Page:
“I saw you from the podium when you walked into the room.” he said. “Mmhmmm.” I respond skeptically. He looks back at me amused. We exchange smiles. I am seeing him for the first time in a couple of years, yet I never tire of his boyish charm and sweet, soft spoken demeanor. Every time I see him I wonder how someone changing the world, can stay so well-mannered, humble, gracious, and kind. I’m glad I made the trip out to see him in the mean rain. It was an unforgiving rain, slamming against our clothes, hair, faces. I can’t remember the last time I disliked rain so much.
The night progresses full of good conversations and fun times. It was getting late and we escape from the group. Safe in the warm comfort of his massive suite, we quickly forget the beating we took from the rain, talking about anything, everything in between endless laughter and playfulness. Time is going by too quickly and it’s soon time for him to leave. We look down onto Tokyo’s dawn from the window. The soft fog caresses the city. The sight is breathtaking. “Thank you so much for helping navigate such a strange place and making time in Tokyo so special.” he says and departs to his next destination. I crawl back into bed.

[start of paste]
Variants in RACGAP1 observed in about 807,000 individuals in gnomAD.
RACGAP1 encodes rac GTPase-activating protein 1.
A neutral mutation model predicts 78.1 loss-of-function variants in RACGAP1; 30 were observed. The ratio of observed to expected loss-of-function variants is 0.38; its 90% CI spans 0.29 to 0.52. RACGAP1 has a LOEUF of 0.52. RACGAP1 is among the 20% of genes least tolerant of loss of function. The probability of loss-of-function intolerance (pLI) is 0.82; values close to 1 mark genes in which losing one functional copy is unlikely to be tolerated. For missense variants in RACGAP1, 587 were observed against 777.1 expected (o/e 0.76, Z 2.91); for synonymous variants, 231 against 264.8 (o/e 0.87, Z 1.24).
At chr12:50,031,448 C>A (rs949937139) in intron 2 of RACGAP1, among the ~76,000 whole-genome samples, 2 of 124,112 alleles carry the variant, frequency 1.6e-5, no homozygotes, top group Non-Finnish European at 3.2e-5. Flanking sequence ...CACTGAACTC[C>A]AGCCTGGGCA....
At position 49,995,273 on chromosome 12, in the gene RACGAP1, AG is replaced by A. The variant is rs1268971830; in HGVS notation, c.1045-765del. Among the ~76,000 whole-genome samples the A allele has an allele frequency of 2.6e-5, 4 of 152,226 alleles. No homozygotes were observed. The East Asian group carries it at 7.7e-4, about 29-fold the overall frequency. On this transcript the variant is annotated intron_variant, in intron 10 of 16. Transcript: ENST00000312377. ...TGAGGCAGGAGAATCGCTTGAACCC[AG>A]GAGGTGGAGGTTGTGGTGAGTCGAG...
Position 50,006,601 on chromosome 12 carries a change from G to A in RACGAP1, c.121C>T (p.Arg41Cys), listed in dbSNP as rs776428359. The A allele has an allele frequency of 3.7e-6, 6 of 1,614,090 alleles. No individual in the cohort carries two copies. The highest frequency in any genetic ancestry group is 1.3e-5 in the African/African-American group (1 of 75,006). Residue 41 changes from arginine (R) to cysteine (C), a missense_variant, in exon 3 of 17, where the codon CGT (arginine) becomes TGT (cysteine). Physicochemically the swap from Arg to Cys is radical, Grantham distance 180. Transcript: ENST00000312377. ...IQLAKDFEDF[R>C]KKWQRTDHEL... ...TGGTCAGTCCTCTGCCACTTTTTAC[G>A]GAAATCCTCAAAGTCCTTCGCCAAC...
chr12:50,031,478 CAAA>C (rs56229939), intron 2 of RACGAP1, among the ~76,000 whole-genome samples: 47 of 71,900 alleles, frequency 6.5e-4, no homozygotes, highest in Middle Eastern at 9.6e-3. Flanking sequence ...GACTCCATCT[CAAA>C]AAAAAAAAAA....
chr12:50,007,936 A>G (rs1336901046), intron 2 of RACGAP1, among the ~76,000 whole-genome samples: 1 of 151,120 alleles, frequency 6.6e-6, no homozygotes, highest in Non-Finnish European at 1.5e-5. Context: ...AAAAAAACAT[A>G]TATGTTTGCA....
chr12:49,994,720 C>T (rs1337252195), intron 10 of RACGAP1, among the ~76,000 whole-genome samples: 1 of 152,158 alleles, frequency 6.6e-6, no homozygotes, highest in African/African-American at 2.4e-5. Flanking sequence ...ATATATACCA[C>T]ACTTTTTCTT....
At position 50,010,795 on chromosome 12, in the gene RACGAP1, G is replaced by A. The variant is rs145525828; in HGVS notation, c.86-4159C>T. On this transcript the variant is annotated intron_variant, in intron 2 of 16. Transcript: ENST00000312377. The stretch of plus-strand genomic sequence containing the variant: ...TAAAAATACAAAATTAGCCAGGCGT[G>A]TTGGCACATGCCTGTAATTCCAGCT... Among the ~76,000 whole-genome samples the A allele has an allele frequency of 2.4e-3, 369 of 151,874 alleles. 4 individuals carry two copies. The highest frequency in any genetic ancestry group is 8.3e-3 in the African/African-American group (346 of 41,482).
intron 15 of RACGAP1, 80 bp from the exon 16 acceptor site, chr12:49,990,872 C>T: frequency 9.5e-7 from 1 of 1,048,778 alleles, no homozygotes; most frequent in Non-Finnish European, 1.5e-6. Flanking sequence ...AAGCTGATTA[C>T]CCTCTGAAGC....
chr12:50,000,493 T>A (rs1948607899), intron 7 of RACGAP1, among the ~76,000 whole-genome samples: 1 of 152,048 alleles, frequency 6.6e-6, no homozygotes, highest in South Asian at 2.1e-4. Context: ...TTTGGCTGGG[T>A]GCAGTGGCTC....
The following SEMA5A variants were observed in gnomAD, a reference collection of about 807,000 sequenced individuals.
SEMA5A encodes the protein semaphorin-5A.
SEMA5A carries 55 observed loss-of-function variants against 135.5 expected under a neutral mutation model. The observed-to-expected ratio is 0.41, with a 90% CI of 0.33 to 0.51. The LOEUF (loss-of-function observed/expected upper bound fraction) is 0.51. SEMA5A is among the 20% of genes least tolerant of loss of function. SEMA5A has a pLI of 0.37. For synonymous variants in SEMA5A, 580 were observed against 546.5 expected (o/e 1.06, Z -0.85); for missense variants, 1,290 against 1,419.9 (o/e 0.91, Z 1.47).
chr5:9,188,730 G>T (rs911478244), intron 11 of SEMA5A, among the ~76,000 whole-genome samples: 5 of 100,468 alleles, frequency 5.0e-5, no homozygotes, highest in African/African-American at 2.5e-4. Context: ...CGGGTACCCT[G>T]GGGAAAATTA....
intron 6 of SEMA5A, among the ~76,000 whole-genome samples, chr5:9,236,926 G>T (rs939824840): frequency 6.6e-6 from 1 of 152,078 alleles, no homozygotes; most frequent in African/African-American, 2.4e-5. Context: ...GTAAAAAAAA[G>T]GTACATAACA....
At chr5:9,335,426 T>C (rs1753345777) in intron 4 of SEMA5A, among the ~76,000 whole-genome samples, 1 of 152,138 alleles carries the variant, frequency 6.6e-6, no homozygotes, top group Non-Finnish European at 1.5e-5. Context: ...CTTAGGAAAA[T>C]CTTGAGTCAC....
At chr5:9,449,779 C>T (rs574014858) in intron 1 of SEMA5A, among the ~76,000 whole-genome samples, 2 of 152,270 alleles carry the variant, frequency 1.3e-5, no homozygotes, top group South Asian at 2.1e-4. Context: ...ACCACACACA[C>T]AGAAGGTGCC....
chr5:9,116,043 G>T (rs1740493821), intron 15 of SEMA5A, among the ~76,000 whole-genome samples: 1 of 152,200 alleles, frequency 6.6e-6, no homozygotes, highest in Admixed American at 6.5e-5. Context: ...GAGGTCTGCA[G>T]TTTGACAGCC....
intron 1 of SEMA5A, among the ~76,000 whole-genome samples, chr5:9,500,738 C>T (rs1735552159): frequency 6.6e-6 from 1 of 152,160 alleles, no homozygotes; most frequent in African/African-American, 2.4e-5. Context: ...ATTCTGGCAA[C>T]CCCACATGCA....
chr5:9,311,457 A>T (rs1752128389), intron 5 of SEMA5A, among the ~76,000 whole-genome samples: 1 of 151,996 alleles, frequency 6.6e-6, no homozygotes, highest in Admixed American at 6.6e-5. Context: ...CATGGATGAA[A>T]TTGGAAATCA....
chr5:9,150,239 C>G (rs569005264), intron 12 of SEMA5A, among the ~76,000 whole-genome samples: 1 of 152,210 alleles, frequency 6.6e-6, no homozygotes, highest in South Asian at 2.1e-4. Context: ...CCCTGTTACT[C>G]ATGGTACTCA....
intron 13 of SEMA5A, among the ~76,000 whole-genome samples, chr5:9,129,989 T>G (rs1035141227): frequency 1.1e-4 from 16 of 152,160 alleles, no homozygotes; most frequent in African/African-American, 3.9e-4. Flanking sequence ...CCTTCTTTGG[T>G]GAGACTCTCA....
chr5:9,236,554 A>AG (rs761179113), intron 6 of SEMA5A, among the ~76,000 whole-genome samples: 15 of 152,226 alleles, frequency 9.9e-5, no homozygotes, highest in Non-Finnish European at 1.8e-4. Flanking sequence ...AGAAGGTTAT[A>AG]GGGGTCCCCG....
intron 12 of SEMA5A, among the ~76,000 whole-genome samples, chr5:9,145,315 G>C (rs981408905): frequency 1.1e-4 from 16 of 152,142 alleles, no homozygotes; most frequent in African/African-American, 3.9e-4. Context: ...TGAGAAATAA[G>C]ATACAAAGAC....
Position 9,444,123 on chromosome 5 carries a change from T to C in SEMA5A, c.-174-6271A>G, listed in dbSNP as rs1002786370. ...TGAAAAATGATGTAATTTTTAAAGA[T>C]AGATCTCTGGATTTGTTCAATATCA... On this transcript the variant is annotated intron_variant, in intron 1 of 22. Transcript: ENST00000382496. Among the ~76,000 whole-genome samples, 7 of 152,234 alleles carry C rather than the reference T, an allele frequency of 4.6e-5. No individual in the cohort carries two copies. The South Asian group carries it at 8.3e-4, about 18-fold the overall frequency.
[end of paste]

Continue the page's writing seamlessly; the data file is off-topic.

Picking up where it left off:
Tokyo is a city of frequent good-byes… but not farewells. I hope.
"I'm from Libya," he said. I don't know what to say. It's as if he'd told me he'd just come from his father's funeral.
The first specialty coffee shop in Ikebukuro and Junkudo (bookstore) resonate.
Editing is interpreting.
The Riddle of Steel.
The man stands motionless in a crush of white-shirted salarymen, as they swarm past him, toward the single escalator.
Rêve de centre commercial-piscine
Birthday walk home